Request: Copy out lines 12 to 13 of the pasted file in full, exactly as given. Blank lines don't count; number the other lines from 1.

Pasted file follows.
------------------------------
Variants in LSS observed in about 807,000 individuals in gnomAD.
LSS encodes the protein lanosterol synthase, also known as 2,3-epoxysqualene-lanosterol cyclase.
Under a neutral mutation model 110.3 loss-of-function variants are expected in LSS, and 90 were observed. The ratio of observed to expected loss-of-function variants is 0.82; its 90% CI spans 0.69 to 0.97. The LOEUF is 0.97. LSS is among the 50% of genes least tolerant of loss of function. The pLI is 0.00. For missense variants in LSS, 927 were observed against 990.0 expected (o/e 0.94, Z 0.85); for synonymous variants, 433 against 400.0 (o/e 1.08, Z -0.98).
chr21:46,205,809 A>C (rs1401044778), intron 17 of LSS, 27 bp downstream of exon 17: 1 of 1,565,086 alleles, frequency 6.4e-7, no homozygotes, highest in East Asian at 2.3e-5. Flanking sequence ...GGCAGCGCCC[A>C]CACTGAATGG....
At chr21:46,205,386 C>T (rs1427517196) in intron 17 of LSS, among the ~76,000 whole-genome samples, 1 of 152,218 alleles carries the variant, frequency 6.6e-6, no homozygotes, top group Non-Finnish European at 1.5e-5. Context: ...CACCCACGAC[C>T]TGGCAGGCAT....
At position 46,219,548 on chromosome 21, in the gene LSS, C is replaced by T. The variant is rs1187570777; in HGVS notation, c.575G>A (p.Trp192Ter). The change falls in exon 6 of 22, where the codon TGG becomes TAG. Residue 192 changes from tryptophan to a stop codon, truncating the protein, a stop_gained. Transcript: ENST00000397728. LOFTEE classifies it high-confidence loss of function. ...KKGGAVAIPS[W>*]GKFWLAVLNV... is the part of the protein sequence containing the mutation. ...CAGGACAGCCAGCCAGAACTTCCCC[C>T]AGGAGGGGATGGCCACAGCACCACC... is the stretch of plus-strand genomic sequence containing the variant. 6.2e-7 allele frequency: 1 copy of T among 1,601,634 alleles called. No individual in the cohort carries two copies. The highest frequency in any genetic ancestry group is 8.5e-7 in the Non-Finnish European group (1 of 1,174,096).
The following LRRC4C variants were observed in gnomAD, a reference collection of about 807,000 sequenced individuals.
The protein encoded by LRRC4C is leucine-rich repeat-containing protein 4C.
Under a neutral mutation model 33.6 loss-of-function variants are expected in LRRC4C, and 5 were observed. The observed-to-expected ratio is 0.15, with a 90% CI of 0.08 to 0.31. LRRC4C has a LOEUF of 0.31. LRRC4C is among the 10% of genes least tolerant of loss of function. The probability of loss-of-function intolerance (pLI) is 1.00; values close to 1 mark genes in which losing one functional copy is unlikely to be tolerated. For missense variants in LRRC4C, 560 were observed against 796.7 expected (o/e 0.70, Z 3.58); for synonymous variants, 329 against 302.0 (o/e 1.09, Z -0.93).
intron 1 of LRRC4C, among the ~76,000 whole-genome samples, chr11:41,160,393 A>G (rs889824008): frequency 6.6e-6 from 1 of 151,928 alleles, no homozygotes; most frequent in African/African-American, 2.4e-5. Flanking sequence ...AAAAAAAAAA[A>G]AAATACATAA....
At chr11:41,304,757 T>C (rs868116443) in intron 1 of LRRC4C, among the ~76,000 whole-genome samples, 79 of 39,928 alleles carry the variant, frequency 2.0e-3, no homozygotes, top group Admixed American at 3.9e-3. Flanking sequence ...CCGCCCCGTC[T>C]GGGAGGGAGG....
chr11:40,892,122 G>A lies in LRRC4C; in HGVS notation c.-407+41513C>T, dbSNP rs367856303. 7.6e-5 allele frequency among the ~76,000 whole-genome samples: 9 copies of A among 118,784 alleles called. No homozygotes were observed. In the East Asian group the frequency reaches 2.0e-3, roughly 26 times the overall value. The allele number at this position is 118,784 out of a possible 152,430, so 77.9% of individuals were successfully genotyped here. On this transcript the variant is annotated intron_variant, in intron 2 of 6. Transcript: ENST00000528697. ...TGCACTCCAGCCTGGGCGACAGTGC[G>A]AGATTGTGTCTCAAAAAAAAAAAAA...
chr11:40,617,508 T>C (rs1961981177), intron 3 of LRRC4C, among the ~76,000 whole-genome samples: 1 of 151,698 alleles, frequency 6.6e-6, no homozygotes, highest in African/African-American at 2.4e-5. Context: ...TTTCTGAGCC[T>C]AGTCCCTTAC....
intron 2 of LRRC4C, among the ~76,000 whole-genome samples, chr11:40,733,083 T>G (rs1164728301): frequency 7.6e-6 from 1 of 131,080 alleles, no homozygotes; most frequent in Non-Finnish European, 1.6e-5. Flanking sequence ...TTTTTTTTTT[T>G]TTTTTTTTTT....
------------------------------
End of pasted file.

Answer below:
chr11:40,892,122 G>A lies in LRRC4C; in HGVS notation c.-407+41513C>T, dbSNP rs367856303. 7.6e-5 allele frequency among the ~76,000 whole-genome samples: 9 copies of A among 118,784 alleles called. No homozygotes were observed. In the East Asian group the frequency reaches 2.0e-3, roughly 26 times the overall value. The allele number at this position is 118,784 out of a possible 152,430, so 77.9% of individuals were successfully genotyped here. On this transcript the variant is annotated intron_variant, in intron 2 of 6. Transcript: ENST00000528697. ...TGCACTCCAGCCTGGGCGACAGTGC[G>A]AGATTGTGTCTCAAAAAAAAAAAAA...
chr11:40,617,508 T>C (rs1961981177), intron 3 of LRRC4C, among the ~76,000 whole-genome samples: 1 of 151,698 alleles, frequency 6.6e-6, no homozygotes, highest in African/African-American at 2.4e-5. Context: ...TTTCTGAGCC[T>C]AGTCCCTTAC....